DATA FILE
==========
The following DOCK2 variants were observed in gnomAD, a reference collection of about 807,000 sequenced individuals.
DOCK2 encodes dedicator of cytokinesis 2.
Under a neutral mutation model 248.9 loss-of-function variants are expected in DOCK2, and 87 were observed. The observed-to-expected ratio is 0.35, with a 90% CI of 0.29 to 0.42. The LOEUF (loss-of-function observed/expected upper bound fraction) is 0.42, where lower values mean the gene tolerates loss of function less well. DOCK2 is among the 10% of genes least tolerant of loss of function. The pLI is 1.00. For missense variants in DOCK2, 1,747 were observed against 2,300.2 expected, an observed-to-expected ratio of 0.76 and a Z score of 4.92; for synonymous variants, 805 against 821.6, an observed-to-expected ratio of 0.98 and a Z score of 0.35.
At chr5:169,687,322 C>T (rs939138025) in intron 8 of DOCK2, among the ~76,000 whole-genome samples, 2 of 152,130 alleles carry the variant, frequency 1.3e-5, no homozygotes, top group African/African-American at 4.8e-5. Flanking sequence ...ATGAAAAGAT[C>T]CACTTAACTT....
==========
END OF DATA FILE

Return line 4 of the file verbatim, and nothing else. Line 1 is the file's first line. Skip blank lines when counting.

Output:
At chr5:169,687,322 C>T (rs939138025) in intron 8 of DOCK2, among the ~76,000 whole-genome samples, 2 of 152,130 alleles carry the variant, frequency 1.3e-5, no homozygotes, top group African/African-American at 4.8e-5. Flanking sequence ...ATGAAAAGAT[C>T]CACTTAACTT....